Sacha inchi oil is ideal as a scalp massage oil and moisture sealant. It is one of the ingredients in the upcoming oil collection from Ade Ori Hair Care.

For more on sacha inchi oil, DIY recipes, and recommendations head over to Sacha Inchi Oil Benefits.

14. Soursop Oil

Soursop (Annona muricata) oil is an aromatic oil that’s rich in unsaturated fatty acids and contains antibacterial and antiseptic properties. 

Soursop oil can help regulate the sebum on the scalp and encourage a healthy scalp environment.

It’s also ideal for oily skin and can prevent acne and breakouts while it hydrates dry and itchy skin. 


The soursop fruit is edible and is also used in the production of desserts, jams, and jellies. 

Soursop oil is aka guanabana oil and graviola oil. Below are some excellent soursop oil recommendations:-  

15. Tucuma Oil

Unlike tucuma butter which is pressed from the seeds of the tucuma fruit, tucuma (Astrocaryum aculeatum) oil is obtained from the fruit pulp. 

Tucuma oil is rich in omega-3, omega-6, and omega-9 as well as beta-carotene. It enhances shine and restores vitality to dry, stressed, and brittle strands. 


Tucuma oil promotes moisture retention and improves hair elasticity. Alia Pure Tucuma Oil is an excellent brand of tucuma oil.

What Are the Amazonian Countries?

The Amazon jungle is located in South America and comprises of the following countries:-

  • Brazil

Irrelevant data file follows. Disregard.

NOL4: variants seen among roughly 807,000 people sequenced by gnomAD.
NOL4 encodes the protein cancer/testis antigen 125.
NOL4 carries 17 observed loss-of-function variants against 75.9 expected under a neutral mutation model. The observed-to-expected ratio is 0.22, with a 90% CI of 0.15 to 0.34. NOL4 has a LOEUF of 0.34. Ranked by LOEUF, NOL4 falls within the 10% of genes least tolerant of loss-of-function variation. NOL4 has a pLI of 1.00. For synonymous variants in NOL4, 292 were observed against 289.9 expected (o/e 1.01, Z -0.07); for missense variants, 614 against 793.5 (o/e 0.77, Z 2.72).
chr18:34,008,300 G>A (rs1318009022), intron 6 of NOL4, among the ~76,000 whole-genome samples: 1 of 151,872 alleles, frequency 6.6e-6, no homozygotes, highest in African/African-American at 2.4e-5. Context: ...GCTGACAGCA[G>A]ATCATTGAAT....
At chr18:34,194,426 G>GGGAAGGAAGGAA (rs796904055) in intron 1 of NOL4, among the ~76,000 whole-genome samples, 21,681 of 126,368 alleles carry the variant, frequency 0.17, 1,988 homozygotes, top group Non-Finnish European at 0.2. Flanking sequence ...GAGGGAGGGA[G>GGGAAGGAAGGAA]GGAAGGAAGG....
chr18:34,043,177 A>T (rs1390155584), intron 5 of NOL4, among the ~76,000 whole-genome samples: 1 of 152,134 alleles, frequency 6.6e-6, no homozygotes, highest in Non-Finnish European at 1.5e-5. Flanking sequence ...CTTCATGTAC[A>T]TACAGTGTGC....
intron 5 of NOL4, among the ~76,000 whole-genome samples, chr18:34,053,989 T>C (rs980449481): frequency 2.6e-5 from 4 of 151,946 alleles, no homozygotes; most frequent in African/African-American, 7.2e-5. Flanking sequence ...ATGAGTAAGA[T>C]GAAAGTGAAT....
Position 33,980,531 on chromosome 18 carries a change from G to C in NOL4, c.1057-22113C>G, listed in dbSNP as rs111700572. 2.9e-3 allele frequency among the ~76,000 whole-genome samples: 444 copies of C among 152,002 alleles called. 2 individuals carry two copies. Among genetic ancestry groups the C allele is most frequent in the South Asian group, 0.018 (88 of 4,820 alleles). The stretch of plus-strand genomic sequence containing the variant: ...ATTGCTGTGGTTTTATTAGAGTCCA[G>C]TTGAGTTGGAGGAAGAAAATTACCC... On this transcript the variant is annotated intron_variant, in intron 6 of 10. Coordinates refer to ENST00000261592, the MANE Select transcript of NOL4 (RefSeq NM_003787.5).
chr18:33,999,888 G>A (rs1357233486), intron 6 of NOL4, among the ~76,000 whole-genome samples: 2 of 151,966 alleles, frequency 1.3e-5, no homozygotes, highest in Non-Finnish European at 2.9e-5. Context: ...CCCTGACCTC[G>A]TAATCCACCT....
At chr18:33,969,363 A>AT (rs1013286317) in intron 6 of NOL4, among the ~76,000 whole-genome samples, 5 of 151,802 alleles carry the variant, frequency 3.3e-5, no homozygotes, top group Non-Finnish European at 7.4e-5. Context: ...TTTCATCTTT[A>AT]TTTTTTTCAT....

• Bolivia
  • Colombia
  • Ecuador
  • French Guiana
  • Guyana
  • Peru
  • Venezuela
  • Suriname

Out of all the countries above, Brazil contains the majority of the forests at 60%, Peru (13%), and Colombia (10%) with minor amounts in the rest of the countries. 

You can find out more about the Amazon jungle, its vast resources, and how it supports the people and planet HERE.  

Amazonian Oils References

Abi is a curly hair expert who delved into the world of natural oils after severe hair loss issues. Through her research, study, and testing, she was able to regrow her bald spots & a healthy head of hair. She is the founder of Healthy Natural Hair Products & Ade Ori Hair Care, and the author of the highly-rated Healthy Hair Care Series. She continues to study hair science, Ayurveda, and natural and healthy solutions for hair and skin. Learn more about our Editorial Guidelines

This post contains affiliate links which means I will make a small commission if you purchase through those links. Read full disclosure HERE.